An Old-Fashioned Diagnostic Technique

Today’s New York Times Sunday Magazine (February 25, 2007) carries the case study of a 23-year-old teacher who developed a massive blood clot in the lung (pulmonary embolism) that landed him in the ICU for several days. Although his physicians were able to make the diagnosis easily through the use of scans, the source of the clot eluded them.

At some point the patient consulted Dr. Thomas Duffy, a sixty-something hematologist at Yale University School of Medicine known for his diagnostic abilities. Dr. Duffy asked the patient to perform a simple maneuver with his arm that pointed him to the correct diagnosis of thoracic outlet syndrome, the condition that led to the source of the clot.

Dr. Lisa Sanders, the internist who writes these periodic columns for the New York Times Sunday Magazine, admits that she “had never heard of the old-fashioned arm maneuver. This and other physical-exam techniques,” she writes, “are part of a disappearing tradition in medicine—replaced more or (in this case) less successfully with a variety of high-tech imaging techniques.”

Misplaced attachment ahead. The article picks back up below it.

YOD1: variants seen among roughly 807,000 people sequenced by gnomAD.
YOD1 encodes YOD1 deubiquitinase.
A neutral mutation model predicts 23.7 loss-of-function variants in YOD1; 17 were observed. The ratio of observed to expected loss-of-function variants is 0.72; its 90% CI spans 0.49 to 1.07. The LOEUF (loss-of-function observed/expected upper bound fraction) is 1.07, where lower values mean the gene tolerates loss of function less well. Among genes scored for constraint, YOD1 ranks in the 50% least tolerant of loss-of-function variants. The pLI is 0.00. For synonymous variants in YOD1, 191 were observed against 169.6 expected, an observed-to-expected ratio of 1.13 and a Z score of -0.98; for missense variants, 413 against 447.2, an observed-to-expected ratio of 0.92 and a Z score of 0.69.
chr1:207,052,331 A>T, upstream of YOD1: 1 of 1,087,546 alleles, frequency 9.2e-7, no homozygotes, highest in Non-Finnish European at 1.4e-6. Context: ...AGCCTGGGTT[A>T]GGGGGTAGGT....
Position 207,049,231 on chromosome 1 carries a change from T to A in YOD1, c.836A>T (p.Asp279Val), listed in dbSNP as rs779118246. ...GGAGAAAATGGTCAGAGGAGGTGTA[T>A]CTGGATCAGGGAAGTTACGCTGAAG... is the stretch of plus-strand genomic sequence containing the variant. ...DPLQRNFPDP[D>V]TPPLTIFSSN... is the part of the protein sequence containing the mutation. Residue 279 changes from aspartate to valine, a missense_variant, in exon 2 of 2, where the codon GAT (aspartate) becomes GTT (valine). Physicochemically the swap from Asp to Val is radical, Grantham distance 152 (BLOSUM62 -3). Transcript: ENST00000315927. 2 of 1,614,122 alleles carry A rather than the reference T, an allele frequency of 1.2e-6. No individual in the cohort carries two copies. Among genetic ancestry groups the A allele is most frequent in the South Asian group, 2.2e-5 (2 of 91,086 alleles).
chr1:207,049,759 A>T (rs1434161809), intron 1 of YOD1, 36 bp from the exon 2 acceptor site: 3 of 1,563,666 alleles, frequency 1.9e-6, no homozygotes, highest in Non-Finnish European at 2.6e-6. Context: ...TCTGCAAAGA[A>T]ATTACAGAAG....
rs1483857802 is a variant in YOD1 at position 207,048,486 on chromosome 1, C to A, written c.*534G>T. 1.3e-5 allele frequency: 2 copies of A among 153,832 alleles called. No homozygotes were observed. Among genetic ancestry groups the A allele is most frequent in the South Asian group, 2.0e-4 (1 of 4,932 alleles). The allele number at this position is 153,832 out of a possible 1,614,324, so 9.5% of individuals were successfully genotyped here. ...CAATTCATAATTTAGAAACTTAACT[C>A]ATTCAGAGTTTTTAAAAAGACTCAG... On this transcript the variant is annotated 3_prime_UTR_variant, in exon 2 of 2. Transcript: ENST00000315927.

Dr. Sanders comments: “Had a doctor not done this simple test, the patient’s abnormality may not have been picked up, and he would have been stuck taking medicine he didn’t need (for the rest of his life) and missing out on the sports he loved.”

It is indeed sad commentary that our medical education system no longer emphasizes such techniques in physical diagnosis. Instead, physicians-in-training are taught to rely on more sophisticated imaging and laboratory studies—always considerably more expensive and not necessarily productive.

Thirty years ago, as a Physician Assistant student at Hahnemann Medical College and Hospital, I remember being taught the maneuver Dr. Duffy employed with this patient in my physical diagnosis class. I consulted my copy of Methods of Clinical Examination: A Physiologic Approach (Judge and Zuidema. Boston: Little, Brown and Company, 3rd Ed., 1974), where a description of the Adson maneuver appears on page 292:

“Palpate the radial pulse on the side to be tested. Instruct the patient to extend the neck and turn the chin to the side to be tested. The transient disappearance of the radial pulse during inspiration signifies temporary occlusion of the subclavian artery as the anterior scalene muscle is tensed (by extension of the neck and rotation of the skull) while the ‘floor’ of the thoracic outlet rises during inspiration.…These signs may be intensified as the shoulder is abducted and externally rotated.”

I was gratified to find that in my book I had underlined the text.

In their preface, authors Richard Judge, M.D., and George Zuidema, M.D., note that “the practicing physician may find a few pearls buried within these pages; for the art of medicine is seldom if ever mastered, even by the expert.”

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